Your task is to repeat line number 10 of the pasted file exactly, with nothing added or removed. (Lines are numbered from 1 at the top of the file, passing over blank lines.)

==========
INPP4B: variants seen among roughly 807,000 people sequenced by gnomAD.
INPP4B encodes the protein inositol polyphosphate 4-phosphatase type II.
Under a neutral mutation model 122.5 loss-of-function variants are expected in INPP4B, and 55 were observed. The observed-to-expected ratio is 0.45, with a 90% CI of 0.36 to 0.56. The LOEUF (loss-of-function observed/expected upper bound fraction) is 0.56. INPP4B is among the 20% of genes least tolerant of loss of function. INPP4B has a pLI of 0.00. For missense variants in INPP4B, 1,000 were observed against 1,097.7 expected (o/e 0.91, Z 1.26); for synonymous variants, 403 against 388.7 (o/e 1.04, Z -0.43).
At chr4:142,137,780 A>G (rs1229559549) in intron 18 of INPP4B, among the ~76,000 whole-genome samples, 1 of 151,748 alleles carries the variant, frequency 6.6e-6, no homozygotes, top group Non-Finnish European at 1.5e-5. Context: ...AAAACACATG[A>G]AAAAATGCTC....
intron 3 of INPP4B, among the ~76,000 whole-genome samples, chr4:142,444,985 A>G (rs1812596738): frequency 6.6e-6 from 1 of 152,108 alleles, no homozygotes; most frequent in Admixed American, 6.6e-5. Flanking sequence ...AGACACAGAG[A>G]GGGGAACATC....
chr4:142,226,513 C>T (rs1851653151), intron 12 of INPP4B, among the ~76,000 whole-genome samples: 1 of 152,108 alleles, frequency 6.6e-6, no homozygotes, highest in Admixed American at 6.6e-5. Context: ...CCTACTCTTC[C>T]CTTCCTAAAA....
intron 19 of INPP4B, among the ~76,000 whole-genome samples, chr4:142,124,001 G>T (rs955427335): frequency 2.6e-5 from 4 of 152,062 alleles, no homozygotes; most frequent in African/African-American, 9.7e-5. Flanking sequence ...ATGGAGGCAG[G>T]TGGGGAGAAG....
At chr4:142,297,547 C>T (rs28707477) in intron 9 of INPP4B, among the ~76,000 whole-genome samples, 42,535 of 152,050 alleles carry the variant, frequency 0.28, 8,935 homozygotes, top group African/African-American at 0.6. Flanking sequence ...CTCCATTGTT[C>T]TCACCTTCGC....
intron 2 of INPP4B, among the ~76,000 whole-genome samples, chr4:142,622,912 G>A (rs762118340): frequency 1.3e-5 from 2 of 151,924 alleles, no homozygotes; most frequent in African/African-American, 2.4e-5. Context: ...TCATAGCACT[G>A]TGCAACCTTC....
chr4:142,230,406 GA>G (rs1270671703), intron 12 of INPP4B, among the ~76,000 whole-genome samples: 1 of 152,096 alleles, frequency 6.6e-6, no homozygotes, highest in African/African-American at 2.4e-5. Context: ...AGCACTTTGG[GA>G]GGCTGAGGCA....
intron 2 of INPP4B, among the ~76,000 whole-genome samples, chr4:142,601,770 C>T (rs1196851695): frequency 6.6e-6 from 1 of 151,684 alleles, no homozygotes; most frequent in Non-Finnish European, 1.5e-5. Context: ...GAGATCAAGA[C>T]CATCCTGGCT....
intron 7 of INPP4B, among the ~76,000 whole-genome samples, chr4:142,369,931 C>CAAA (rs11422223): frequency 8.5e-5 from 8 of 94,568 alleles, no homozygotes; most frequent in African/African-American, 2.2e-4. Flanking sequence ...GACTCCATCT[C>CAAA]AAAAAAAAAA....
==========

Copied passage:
chr4:142,230,406 GA>G (rs1270671703), intron 12 of INPP4B, among the ~76,000 whole-genome samples: 1 of 152,096 alleles, frequency 6.6e-6, no homozygotes, highest in African/African-American at 2.4e-5. Context: ...AGCACTTTGG[GA>G]GGCTGAGGCA....